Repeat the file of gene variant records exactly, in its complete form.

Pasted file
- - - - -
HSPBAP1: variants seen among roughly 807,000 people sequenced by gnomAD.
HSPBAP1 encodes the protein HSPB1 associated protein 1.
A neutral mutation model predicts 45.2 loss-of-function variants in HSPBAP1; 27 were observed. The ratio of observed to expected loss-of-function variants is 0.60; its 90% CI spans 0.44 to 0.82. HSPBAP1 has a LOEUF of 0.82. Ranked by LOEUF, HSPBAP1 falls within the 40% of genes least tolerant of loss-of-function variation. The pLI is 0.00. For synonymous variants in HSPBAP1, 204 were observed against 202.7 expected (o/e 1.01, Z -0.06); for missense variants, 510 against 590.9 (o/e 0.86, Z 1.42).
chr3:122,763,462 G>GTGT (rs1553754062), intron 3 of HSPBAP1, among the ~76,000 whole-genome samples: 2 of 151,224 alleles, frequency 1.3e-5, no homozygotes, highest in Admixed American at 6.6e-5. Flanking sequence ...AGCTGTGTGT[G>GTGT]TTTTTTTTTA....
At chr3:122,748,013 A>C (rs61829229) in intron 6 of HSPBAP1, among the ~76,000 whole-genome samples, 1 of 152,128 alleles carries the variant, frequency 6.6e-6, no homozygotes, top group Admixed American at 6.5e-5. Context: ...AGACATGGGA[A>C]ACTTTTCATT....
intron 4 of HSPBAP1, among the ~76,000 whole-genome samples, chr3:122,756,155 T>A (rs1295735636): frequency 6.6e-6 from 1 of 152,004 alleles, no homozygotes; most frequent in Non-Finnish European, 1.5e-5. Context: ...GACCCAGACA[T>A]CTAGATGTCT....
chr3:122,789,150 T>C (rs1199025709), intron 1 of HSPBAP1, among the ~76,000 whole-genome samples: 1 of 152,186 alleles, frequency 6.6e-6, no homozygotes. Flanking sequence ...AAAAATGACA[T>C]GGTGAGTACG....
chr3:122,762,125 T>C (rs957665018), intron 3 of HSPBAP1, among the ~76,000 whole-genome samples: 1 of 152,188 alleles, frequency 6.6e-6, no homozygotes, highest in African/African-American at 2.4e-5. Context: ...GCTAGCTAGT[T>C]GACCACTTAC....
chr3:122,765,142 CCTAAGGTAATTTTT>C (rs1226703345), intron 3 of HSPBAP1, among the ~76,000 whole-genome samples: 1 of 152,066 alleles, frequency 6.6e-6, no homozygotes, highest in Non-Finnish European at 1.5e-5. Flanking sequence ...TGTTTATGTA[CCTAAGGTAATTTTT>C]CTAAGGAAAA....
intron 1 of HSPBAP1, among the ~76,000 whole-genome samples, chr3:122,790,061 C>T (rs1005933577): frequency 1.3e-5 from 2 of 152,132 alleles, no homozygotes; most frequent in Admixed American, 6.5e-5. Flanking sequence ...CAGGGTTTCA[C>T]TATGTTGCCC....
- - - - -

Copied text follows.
HSPBAP1: variants seen among roughly 807,000 people sequenced by gnomAD.
HSPBAP1 encodes the protein HSPB1 associated protein 1.
A neutral mutation model predicts 45.2 loss-of-function variants in HSPBAP1; 27 were observed. The ratio of observed to expected loss-of-function variants is 0.60; its 90% CI spans 0.44 to 0.82. HSPBAP1 has a LOEUF of 0.82. Ranked by LOEUF, HSPBAP1 falls within the 40% of genes least tolerant of loss-of-function variation. The pLI is 0.00. For synonymous variants in HSPBAP1, 204 were observed against 202.7 expected (o/e 1.01, Z -0.06); for missense variants, 510 against 590.9 (o/e 0.86, Z 1.42).
chr3:122,763,462 G>GTGT (rs1553754062), intron 3 of HSPBAP1, among the ~76,000 whole-genome samples: 2 of 151,224 alleles, frequency 1.3e-5, no homozygotes, highest in Admixed American at 6.6e-5. Flanking sequence ...AGCTGTGTGT[G>GTGT]TTTTTTTTTA....
At chr3:122,748,013 A>C (rs61829229) in intron 6 of HSPBAP1, among the ~76,000 whole-genome samples, 1 of 152,128 alleles carries the variant, frequency 6.6e-6, no homozygotes, top group Admixed American at 6.5e-5. Context: ...AGACATGGGA[A>C]ACTTTTCATT....
intron 4 of HSPBAP1, among the ~76,000 whole-genome samples, chr3:122,756,155 T>A (rs1295735636): frequency 6.6e-6 from 1 of 152,004 alleles, no homozygotes; most frequent in Non-Finnish European, 1.5e-5. Context: ...GACCCAGACA[T>A]CTAGATGTCT....
chr3:122,789,150 T>C (rs1199025709), intron 1 of HSPBAP1, among the ~76,000 whole-genome samples: 1 of 152,186 alleles, frequency 6.6e-6, no homozygotes. Flanking sequence ...AAAAATGACA[T>C]GGTGAGTACG....
chr3:122,762,125 T>C (rs957665018), intron 3 of HSPBAP1, among the ~76,000 whole-genome samples: 1 of 152,188 alleles, frequency 6.6e-6, no homozygotes, highest in African/African-American at 2.4e-5. Context: ...GCTAGCTAGT[T>C]GACCACTTAC....
chr3:122,765,142 CCTAAGGTAATTTTT>C (rs1226703345), intron 3 of HSPBAP1, among the ~76,000 whole-genome samples: 1 of 152,066 alleles, frequency 6.6e-6, no homozygotes, highest in Non-Finnish European at 1.5e-5. Flanking sequence ...TGTTTATGTA[CCTAAGGTAATTTTT>C]CTAAGGAAAA....
intron 1 of HSPBAP1, among the ~76,000 whole-genome samples, chr3:122,790,061 C>T (rs1005933577): frequency 1.3e-5 from 2 of 152,132 alleles, no homozygotes; most frequent in Admixed American, 6.5e-5. Flanking sequence ...CAGGGTTTCA[C>T]TATGTTGCCC....